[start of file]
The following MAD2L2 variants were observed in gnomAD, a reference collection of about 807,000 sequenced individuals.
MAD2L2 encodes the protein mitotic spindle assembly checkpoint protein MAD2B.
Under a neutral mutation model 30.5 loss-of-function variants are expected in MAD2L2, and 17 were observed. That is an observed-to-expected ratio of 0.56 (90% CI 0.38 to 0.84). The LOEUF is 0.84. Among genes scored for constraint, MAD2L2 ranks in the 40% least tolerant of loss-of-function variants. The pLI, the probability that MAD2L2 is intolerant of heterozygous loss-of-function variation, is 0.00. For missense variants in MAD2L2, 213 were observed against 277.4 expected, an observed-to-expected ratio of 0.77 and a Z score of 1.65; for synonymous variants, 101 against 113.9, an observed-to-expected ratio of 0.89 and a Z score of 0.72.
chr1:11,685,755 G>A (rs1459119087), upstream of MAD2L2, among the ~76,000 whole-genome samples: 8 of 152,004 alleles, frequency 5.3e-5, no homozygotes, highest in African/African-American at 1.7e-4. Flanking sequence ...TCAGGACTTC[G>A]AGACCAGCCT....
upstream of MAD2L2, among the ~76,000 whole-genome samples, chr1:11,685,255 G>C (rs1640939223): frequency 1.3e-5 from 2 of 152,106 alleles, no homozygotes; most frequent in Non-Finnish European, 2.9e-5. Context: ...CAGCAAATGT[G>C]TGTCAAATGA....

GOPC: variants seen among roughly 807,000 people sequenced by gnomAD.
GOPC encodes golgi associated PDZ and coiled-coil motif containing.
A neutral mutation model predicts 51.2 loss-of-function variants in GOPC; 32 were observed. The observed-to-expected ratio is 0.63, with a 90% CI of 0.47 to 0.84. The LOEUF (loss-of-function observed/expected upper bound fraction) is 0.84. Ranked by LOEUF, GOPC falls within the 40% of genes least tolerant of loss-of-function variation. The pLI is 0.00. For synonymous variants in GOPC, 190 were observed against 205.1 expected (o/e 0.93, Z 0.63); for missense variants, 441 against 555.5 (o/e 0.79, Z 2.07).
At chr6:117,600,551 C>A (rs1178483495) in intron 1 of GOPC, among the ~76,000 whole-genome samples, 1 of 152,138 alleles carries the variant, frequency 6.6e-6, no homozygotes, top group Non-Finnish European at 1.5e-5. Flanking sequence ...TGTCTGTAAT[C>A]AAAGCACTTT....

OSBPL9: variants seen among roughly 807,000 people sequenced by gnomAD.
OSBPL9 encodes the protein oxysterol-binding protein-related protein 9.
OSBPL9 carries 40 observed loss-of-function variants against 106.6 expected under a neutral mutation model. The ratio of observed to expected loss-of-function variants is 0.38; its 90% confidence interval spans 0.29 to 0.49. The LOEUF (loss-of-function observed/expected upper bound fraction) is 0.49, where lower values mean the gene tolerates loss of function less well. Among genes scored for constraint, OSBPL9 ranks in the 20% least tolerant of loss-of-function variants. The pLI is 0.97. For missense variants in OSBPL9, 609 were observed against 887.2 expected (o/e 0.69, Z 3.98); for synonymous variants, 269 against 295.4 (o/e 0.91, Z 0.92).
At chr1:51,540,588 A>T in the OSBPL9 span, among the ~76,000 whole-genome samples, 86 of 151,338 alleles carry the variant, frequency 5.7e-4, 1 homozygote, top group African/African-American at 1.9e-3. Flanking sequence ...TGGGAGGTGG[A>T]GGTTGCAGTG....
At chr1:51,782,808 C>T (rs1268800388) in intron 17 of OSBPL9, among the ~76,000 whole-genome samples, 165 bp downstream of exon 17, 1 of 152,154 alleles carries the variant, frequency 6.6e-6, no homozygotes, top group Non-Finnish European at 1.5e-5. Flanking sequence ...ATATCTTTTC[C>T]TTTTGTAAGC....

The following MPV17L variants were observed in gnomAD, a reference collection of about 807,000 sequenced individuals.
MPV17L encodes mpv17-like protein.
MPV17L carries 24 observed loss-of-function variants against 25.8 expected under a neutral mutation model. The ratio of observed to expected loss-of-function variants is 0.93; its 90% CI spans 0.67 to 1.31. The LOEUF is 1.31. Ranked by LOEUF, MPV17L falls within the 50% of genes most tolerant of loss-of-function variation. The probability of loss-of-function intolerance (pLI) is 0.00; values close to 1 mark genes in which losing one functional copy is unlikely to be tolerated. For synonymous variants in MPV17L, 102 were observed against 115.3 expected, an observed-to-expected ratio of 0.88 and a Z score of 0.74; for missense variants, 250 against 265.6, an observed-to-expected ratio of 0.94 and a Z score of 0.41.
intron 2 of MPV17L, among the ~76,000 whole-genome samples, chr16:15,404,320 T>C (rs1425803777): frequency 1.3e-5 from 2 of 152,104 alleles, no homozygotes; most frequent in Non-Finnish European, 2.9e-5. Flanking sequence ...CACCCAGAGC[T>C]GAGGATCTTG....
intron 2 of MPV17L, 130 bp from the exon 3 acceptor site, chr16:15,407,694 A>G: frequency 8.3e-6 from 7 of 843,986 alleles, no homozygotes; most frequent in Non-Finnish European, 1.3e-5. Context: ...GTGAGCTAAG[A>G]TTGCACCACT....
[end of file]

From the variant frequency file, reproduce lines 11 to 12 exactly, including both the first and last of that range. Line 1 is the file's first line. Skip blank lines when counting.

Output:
OSBPL9 encodes the protein oxysterol-binding protein-related protein 9.
OSBPL9 carries 40 observed loss-of-function variants against 106.6 expected under a neutral mutation model. The ratio of observed to expected loss-of-function variants is 0.38; its 90% confidence interval spans 0.29 to 0.49. The LOEUF (loss-of-function observed/expected upper bound fraction) is 0.49, where lower values mean the gene tolerates loss of function less well. Among genes scored for constraint, OSBPL9 ranks in the 20% least tolerant of loss-of-function variants. The pLI is 0.97. For missense variants in OSBPL9, 609 were observed against 887.2 expected (o/e 0.69, Z 3.98); for synonymous variants, 269 against 295.4 (o/e 0.91, Z 0.92).